The main cause for the present litigation is that while implementing the merger decision of July 7,2006, an exception was carved out by the government on October 6, 2006, whereunder, the benefit of merger into BES was denied to the +2 lecturers in Government schools. The ostensible premise for the deviation was that the +2 lecturers were never treated or recognized as part of the BSES cadre. The +2 lecturers being aggrieved thus, moved the High Court contending that their posts were created in the BSES. This position was also reflected in the advertisement No. 1/87 through which they were recruited. In effect, the benefits of the merger with the BES were claimed in these matters.

During the pendency of such Writ Petitions in the High Court, the State Government notably decided to amend the Bihar Taken-over Secondary Schools (Service Conditions) Rules, 1983. Through the 2009 amendment, the lecturer was defined to mean the +2 lecturers who were appointed pursuant to the Advertisement No. 1/87 and they were encadred with the nationalized secondary school teachers. As a result of the above encadrement with the teachers of the nationalized school category, further challenge was generated in the High Court by the +2 lecturers. It was specifically contended that the +2 lecturers had always been treated as above the secondary school teachers in nationalized schools and therefore encadrement of the two unequals was unjust.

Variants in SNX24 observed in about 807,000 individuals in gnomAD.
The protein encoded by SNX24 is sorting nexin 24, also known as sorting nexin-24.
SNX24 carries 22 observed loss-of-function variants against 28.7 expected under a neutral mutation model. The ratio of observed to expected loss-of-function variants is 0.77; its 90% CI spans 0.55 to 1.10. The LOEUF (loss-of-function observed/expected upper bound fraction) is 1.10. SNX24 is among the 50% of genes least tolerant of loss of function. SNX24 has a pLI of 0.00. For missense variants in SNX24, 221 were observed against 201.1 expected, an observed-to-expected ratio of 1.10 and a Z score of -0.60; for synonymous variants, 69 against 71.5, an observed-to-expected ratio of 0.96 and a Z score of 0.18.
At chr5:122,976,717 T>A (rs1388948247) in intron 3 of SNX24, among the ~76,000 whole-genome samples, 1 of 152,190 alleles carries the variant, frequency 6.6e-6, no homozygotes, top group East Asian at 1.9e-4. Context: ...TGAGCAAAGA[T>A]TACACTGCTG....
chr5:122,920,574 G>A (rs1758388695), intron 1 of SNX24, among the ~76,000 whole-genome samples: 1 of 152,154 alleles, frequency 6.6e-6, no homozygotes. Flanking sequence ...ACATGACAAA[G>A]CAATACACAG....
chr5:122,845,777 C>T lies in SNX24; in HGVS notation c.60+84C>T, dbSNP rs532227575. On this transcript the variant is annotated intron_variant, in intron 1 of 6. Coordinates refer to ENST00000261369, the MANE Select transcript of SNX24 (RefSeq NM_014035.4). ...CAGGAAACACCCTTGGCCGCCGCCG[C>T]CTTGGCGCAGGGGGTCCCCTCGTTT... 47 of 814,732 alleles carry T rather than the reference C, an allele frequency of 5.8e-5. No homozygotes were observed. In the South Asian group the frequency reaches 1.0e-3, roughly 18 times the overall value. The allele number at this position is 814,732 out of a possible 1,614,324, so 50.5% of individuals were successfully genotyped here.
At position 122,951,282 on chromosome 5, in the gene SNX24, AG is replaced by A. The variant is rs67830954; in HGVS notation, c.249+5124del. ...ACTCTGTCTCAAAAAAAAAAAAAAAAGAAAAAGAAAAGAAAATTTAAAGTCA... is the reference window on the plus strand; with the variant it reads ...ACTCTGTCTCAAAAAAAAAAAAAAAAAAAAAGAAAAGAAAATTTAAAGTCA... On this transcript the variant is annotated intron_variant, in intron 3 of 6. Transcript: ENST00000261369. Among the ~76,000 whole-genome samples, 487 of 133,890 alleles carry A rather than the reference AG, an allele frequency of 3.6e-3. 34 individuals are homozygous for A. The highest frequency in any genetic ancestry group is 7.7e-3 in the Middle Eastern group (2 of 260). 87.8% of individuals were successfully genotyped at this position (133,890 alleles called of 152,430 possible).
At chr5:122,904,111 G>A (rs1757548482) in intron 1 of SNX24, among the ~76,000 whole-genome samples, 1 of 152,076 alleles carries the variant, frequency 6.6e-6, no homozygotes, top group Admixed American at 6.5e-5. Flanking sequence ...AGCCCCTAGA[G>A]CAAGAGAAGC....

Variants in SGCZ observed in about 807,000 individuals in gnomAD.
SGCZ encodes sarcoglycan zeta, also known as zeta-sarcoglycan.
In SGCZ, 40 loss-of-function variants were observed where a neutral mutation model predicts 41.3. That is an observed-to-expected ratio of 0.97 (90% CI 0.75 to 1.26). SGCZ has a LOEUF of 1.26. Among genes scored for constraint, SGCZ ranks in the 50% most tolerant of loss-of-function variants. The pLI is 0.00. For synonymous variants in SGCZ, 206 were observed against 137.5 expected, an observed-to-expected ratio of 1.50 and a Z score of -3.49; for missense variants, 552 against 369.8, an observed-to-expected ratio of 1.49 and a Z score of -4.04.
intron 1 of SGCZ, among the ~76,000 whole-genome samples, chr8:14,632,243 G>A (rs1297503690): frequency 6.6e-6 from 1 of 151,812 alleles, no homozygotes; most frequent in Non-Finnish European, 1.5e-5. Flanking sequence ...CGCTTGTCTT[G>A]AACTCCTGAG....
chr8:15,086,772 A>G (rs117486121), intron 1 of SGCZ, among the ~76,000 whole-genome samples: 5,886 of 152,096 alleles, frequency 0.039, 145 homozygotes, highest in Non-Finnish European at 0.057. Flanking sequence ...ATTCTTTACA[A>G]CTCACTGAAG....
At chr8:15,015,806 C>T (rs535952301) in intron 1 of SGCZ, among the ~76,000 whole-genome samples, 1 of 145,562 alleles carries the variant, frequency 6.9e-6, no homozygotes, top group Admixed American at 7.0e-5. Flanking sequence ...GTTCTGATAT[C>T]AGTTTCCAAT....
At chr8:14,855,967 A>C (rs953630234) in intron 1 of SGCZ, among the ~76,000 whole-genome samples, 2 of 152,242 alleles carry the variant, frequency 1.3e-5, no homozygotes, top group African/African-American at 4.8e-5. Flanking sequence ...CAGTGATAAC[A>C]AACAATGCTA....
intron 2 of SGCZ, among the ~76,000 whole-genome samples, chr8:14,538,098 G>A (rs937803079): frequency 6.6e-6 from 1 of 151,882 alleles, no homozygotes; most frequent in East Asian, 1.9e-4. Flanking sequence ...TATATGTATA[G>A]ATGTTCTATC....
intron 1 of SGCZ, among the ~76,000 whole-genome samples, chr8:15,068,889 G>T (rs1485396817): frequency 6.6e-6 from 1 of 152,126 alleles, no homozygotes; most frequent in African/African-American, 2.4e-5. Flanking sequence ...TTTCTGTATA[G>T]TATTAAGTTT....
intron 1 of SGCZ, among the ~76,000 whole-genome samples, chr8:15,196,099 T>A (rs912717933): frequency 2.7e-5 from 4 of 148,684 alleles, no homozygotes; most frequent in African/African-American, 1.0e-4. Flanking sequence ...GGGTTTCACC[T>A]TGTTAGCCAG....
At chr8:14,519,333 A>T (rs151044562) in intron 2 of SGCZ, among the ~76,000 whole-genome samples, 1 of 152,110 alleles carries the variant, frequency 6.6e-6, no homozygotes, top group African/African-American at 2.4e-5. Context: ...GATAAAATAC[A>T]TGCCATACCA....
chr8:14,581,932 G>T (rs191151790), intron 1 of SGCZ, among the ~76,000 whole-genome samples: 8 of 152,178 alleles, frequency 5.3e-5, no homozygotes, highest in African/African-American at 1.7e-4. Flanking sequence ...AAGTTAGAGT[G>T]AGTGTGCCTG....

Thus, relief was granted to the respondents with the declaration that the +2 lecturers of both schools, who were appointed under the Advertisement no. 1/87, have always been part of the BSES and consequently of the BES.The Court also interfered with the impugned 2009 notification which provided for the encadrement of the +2 lecturers with the teachers in the nationalized secondary schools, which was found to be in contravention of Article 790 of the Bihar Education Code and also contrary to the Governments decision dated July 7,2006 and the Advertisement No. 1/87. Aggrieved thereof, the State preferred the appeals.

The Bench affirmed that the Government decision (October 6,2006), through which the +2 lecturers were denied the benefit of merger with the BES, was not founded on the ground that posts of +2 lecturers were not borne in 1977. The ostensible reason was that the +2 lecturers were never recognized in the BSES. According to the Bench, such attempt by the government to supplement reasons, not found in their order, couldnot be legally permitted.